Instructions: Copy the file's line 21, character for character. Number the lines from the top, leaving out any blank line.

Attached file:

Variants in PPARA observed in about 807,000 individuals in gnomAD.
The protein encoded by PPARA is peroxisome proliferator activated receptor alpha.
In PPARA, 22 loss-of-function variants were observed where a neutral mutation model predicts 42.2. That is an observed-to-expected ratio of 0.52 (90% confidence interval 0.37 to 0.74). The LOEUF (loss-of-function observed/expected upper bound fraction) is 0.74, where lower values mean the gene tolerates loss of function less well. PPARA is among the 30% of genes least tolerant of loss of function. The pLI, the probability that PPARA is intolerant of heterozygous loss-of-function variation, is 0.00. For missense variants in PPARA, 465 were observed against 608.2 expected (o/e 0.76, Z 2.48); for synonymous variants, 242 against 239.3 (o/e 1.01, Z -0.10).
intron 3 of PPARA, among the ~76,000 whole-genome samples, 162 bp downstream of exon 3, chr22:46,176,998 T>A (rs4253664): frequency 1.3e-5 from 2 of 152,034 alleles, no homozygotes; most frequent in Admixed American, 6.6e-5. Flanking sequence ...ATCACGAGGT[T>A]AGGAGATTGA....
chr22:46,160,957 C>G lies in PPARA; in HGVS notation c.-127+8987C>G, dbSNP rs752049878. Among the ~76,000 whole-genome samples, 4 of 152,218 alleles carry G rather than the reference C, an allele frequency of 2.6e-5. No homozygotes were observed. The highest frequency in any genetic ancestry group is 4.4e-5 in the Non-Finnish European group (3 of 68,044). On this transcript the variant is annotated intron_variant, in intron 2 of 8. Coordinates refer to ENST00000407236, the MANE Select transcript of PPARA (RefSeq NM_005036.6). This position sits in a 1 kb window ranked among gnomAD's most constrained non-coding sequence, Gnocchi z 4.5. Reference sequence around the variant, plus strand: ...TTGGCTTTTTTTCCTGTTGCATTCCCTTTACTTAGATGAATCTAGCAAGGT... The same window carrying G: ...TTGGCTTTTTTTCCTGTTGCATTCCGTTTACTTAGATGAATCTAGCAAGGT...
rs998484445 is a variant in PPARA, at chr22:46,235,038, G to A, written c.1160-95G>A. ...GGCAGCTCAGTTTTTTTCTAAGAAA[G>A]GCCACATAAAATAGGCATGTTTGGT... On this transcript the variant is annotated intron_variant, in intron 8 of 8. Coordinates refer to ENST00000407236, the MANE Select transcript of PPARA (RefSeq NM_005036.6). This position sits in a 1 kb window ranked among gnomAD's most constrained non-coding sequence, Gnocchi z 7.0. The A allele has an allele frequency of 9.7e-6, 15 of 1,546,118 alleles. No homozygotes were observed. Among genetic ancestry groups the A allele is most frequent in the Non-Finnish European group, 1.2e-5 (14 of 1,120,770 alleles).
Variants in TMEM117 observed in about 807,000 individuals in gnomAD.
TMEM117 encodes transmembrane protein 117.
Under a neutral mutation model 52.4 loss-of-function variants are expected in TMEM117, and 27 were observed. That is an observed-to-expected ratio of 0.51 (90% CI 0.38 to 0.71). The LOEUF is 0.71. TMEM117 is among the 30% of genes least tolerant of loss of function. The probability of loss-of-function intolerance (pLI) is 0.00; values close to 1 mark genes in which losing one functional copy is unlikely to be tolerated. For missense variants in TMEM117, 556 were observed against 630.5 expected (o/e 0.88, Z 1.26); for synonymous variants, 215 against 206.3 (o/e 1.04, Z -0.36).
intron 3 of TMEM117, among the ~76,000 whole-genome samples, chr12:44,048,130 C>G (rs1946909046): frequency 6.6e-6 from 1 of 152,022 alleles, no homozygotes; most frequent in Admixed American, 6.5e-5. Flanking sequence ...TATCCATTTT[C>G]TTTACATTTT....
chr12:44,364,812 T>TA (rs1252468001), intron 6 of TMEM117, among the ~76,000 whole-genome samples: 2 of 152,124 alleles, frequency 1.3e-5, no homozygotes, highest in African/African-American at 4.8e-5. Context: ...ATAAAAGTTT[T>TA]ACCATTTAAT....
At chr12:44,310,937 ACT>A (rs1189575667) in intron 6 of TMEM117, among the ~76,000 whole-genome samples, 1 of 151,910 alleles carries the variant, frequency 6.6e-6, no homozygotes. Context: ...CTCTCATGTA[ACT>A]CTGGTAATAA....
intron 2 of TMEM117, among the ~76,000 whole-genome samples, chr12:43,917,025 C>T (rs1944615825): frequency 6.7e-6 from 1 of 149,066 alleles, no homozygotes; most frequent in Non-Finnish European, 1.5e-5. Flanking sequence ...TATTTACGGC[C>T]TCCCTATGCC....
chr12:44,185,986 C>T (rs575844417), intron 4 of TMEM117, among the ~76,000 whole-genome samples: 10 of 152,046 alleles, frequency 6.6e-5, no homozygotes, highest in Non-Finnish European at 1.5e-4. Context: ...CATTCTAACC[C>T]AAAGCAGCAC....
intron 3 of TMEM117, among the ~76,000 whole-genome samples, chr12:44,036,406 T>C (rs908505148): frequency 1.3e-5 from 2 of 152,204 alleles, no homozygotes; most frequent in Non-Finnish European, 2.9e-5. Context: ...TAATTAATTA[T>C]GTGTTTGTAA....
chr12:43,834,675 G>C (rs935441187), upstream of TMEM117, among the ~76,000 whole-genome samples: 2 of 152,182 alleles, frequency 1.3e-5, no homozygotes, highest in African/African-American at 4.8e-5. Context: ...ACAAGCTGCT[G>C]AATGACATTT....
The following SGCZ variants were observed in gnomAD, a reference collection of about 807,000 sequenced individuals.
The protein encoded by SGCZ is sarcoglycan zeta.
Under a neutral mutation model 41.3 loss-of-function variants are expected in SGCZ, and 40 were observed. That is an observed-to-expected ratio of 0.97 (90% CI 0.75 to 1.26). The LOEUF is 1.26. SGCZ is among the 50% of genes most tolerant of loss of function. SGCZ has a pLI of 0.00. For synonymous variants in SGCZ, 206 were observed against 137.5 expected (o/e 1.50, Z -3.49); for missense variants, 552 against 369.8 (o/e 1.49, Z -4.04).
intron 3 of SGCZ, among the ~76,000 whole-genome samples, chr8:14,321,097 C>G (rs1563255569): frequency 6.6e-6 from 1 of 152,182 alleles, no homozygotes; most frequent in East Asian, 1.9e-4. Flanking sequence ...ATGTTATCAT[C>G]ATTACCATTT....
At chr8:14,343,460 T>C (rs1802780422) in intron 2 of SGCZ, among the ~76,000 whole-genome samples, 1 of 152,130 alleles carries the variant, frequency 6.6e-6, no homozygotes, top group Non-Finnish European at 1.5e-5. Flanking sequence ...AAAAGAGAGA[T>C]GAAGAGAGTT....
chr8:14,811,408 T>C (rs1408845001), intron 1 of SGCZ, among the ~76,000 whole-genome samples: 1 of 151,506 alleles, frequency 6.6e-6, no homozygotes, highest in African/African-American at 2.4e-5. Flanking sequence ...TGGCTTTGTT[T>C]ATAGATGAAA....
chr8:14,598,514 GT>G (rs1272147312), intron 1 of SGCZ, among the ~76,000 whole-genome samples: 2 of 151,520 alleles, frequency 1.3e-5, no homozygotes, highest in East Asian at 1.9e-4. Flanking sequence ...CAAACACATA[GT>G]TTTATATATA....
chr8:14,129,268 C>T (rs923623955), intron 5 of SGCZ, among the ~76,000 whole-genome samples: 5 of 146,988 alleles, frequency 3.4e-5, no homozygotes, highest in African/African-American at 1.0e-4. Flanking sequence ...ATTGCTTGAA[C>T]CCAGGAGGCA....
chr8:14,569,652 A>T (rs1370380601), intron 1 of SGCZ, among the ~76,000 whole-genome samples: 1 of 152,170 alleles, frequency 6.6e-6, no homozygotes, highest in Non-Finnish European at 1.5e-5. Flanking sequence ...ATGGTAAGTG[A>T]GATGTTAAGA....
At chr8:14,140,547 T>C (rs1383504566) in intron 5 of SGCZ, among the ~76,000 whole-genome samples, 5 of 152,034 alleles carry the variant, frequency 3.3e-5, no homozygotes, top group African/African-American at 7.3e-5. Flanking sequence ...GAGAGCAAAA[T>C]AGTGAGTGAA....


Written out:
At chr8:14,343,460 T>C (rs1802780422) in intron 2 of SGCZ, among the ~76,000 whole-genome samples, 1 of 152,130 alleles carries the variant, frequency 6.6e-6, no homozygotes, top group Non-Finnish European at 1.5e-5. Flanking sequence ...AAAAGAGAGA[T>C]GAAGAGAGTT....